Exploration will reveal the locations of taverns, shops, magic shops, and blacksmith shops, who will offer Agavean items for sale and a venue for her to sell her items and gain gold. As usual, there is a vast disparity between the purchase and selling price for an item so you have to be careful not to accidentally buy an item and cost yourself money. Many games, such as World of Warcraft by Blizzard, have a short time where you can buy back items from the vendor for the price you sold it to the vendor to ameliorate the damaging effects of making vendor errors.

Inventory holds the items you gained from combat or quests. The inventory is quite large, perhaps infinite, and is scrollable to reach those off the screen items. Runes, weapons, armor, one-time use potions, one-time use spell scrolls, and magic spell recipies that add to your spell book and other items are held in storage until they are used or sold. Items stack intelligently saving inventory space and playing time.



Runes form part of the magic system. Agavean constructs spells from runes or finds and scribes recipies into her magic book. Runes are consumed in constructing spells from the recipies scribed in your spell book. The rune spell construction system is unforgiving, if you make a mistake and use the wrong rune all the runes you have used disappear and you have no spell. It is hard to imagine why game designers add these punitive features to a game which is supposed to be fun to play. Punishing the game player only leads to dissatisfaction and frustration which eventually convinces the game player that your game is not fun to play.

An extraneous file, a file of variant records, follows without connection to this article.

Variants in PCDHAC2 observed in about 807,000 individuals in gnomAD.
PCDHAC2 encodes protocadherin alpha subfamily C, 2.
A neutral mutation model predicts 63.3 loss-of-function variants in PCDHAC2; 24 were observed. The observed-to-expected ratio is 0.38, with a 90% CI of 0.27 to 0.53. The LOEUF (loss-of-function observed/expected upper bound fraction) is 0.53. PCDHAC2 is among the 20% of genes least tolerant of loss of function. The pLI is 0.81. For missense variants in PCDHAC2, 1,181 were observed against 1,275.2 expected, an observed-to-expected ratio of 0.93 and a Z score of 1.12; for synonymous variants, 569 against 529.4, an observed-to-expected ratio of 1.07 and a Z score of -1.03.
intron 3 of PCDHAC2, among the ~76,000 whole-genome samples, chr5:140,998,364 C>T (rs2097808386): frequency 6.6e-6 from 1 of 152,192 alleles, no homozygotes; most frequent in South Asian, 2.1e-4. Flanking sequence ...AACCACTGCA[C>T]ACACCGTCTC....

The core of Neverend is the exploration, interaction with non-player characters (NPC), and the acquisition of quests that are completed for rewards of experience, items, and money. A quest log keeps track of the quest, but does not keep track of the hints given to the antagonist at the time the quest is added to the log. The game player will need to take paper notes of the hints given at the time the quest is obtained. Some quests lead to other quests, the so called chain quests, while other quests are stand alone. The quest system is quite satisfactory and was a lot of fun. The quest system could have been better designed by putting the hints with the quests in the quest log. A very nice feature of the log is that quests completed are tracked in the log along with quests in progress. This is useful if you play the game through twice or with different characters so that the player does not get confused about fished quests and quests yet to come. There are well over one hundred quests.



The interaction with NPCs is a ton of fun. The interaction is menu driven where you select different conversation options from a list of possible responses. The game has voice actors reading the conversations and adding to the game ambiance. The voice acting was quite good.

When Agavaen leaves the first side scrolling map, the game transitions to an top-down overhead display of the local map area. A more detailed map is activated with the M-key which shows the entire map of the game. Certain towns and features are shown on the larger map so that the player can get the lay of the land and relate his location to locations on the close up top down map.

Encounters are random and the monsters appear to increase in difficulty in relation to the player level. The increase in monster difficulty seems to be proportional to the level and skills of the player, so that the game does not become unplayable as your player increases in level as some of these types of games do.



In summary, I really liked this game. The game reminded me of a graphic animated adventure, had arena-style, turn-based combat, and an interesting exploration system. The quality of the graphics, animation and voice acting were good to excellent. The music and sound effects were also better than average. I have to give the game a grade of A-. I enjoyed it. This game may not be your cup of tea, however, since different people like different things.

Final Grade: A-

System Requirements:

    Windows® 98 / ME / 2000 / XP
    DirectX 9.0
    Processor 800 MHz (or better)
    256 MB RAM
    32MB Graphic card with 3D acceleration
    min. 2 GB free disk space
    16-bit Direct X compatible sound card